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Foreign direct investment falls 19 percent in 2016 in Mexico

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Staff Writer | June 8, 2017
Foreign Direct Investment (FDI) in Mexico dropped 19 percent in 2016, according to a report released by the United Nations Conference on Trade and Development (UNCTAD).
Mexico manufacturing
LatAm and the Caribbean   The downward trend in FDI flows
"The downward trend in FDI flows to Latin America and the Caribbean accelerated, with inflows falling 14 percent to 142 billion U.S. dollars, owing to continued economic recession, weak commodity prices and pressures on exports," said UNCTAD in the 2017 World Investment Report.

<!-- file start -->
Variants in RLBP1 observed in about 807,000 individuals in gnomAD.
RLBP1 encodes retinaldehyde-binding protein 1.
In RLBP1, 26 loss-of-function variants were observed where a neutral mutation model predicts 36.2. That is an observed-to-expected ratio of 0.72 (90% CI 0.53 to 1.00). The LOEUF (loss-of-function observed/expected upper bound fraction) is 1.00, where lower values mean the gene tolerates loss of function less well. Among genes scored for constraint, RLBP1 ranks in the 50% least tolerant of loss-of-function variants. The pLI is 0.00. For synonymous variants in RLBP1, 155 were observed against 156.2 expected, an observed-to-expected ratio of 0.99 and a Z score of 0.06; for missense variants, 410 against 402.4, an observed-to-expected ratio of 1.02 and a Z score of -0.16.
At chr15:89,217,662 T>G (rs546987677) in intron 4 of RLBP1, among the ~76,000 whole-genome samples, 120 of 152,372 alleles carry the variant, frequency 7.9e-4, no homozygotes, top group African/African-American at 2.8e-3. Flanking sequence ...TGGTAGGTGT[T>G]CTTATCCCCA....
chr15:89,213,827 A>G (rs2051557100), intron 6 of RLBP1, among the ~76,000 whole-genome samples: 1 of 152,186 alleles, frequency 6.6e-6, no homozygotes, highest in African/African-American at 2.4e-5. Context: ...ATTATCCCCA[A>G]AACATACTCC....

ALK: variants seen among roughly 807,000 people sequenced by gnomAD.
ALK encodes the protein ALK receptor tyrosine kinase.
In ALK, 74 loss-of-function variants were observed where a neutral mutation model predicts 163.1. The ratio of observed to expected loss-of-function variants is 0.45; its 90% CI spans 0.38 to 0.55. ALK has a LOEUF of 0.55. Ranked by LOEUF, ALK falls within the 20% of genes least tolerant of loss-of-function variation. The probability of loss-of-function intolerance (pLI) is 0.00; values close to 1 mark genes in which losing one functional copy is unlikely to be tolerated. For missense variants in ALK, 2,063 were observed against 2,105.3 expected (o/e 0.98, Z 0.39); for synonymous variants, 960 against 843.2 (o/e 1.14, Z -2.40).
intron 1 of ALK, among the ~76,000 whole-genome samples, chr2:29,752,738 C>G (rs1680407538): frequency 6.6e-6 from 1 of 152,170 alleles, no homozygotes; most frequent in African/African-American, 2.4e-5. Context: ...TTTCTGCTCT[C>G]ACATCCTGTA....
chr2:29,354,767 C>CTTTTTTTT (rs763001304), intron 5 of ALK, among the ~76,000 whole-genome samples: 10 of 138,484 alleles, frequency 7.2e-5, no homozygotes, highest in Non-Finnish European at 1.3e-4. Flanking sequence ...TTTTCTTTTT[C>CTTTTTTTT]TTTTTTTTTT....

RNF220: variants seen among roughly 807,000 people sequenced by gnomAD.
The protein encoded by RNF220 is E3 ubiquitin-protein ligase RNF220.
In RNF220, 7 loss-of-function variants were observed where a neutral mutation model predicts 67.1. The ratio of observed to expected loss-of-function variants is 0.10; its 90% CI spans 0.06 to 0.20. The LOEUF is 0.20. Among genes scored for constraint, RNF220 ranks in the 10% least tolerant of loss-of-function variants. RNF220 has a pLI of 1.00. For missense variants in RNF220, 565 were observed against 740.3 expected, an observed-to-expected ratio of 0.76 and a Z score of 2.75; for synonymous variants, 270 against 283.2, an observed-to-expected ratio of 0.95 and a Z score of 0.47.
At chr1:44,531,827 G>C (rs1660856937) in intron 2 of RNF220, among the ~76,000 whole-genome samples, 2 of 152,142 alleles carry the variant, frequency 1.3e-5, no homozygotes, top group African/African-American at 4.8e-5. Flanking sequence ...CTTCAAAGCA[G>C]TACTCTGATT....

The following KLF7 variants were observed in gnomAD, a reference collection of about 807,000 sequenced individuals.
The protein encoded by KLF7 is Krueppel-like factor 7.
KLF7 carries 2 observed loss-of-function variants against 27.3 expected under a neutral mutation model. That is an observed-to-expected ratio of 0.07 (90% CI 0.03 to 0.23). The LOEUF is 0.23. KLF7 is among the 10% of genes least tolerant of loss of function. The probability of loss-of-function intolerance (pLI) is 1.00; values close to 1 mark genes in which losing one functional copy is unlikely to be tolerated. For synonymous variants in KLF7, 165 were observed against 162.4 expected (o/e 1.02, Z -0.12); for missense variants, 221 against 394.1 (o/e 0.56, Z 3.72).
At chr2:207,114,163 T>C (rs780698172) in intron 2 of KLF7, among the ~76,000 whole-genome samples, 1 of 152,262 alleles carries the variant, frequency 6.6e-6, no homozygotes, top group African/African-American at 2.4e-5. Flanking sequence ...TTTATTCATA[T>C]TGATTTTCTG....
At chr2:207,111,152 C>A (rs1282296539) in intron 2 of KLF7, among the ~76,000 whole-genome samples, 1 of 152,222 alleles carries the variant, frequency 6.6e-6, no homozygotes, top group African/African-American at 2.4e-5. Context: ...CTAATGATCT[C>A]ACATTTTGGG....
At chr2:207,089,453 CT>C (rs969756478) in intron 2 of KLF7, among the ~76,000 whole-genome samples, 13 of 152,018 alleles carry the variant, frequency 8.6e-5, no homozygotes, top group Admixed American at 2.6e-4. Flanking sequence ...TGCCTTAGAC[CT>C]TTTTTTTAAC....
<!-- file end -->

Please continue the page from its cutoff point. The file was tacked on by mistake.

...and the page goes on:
The UN Information Center in Mexico City also noted "Mexico is one of the countries most affected" by shrinking FDI in the region.

Latin America as a whole attracted less foreign investment last year, according to the study unveiled in Geneva.

FDI to the region totalled 165 billion dollars in 2015 and 170 billion in 2014.

Other regional countries, including Chile, Bolivia and Peru, also saw an investment decline.

Globally, FDI "slipped by 2 percent in 2016, much less than the 13 percent fall" initially expected at the beginning of the year, the UN said, forecasting a rebound in 2017 and a further rise in 2018.